The Continental in Old City, which launched Stephen Starr into the restaurant business amid the rattling of cocktail shakers, will close for at least the fall and winter seasons on Saturday, Oct. 3, nearly a month after its 25th anniversary.
Starr said he is not positioning the shutdown as permanent, though he said he wants to reinvent it.
The Continental has been caught in the pandemic, its warren of snug dining rooms unsuitable to social distancing.
The one-story building at the southeast corner of Second and Market Streets was an old-time diner of the same name before he and designer Owen Kamihira added now-iconic oversize olive light fixtures over the window booths, plopped a stack of rotating dice onto the roof, and converted the coffee station behind the counter into a bar.
“Some say it was the first craft cocktail bar, serving 40-plus types of martinis,” Starr wrote in a statement. “Its global tapas cuisine of shared plates started a new trend in dining. If the walls could talk, they would have incredible stories to tell. With only partial indoor occupancy allowable in the city, we believe this is the perfect time to close and reinvent this incredible spot. We know it has another life, another great purpose. The Continental holds sentimental value for many, including myself. So I assure you, that we will re-create it and reemerge with renewed energy and excitement.”
Starr recalled looking across the street at dusk on the night before the opening in September 1995 and assessing the work. “It was magic," he said. "The restaurant just glowed. It was very emotional. We knew it was going to be a hit.”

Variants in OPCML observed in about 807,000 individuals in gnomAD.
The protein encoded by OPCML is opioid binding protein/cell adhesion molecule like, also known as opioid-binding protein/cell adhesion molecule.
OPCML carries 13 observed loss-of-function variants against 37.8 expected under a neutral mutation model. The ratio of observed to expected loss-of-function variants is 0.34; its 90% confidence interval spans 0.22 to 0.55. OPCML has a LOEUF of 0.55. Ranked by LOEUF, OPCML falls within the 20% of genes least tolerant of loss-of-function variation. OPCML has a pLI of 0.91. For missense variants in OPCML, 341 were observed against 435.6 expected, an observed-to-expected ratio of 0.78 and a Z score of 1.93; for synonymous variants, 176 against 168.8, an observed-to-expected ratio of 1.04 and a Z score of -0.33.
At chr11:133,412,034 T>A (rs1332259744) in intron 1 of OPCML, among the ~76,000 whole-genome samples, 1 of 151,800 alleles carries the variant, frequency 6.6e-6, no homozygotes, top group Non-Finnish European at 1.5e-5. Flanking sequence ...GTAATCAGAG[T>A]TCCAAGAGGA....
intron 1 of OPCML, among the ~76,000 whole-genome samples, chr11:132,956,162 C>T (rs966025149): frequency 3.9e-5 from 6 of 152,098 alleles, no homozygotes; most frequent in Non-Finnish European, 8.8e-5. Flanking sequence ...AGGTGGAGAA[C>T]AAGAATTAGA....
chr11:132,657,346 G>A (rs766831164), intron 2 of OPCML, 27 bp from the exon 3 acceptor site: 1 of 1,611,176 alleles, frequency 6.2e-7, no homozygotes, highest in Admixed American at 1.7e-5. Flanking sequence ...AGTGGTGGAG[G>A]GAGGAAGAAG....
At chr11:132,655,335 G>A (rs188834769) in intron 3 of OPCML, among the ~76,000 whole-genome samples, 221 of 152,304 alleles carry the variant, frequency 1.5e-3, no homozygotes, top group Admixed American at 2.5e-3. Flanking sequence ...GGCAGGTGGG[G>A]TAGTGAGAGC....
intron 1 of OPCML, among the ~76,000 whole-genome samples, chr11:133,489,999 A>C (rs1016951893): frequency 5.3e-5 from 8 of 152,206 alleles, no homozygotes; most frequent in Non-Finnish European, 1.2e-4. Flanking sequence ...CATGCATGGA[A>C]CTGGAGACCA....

Everyone wanted to fill one of the 48 seats (now 150): movers and shakers, office workers, restaurant folk, students, singles, young couples, out-of-town celebs. Bradlee Bartram’s original menu was a mishmash: crab pad Thai, beer-battered shrimp and calamari, and shrimp scampi.
The public couldn’t really handle the “up” drinks, as Starr said in a retrospective published in 2015. The chocolate martinis made of Absolut and crème de cacao in a chocolate-rimmed glass were potent, “and it got out of control quickly,” he said. "I would work the bar Sundays and I seriously thought about selling [the place]. They were passing out at the tables. I was getting disgusted.”
One Sunday morning, Starr said he got a call from the alarm company and heard that a customer who had fallen asleep on the toilet after one too many cocktails was wandering around the restaurant. “In the version I remember,” said Kevin Stout, who started as a doorman six weeks after it opened, “Stephen called [the restaurant] to talk to someone and the guy picked up the phone and said, ‘Hello, Continental?’ … While it was kind of funny to us, Stephen wasn’t all too happy.”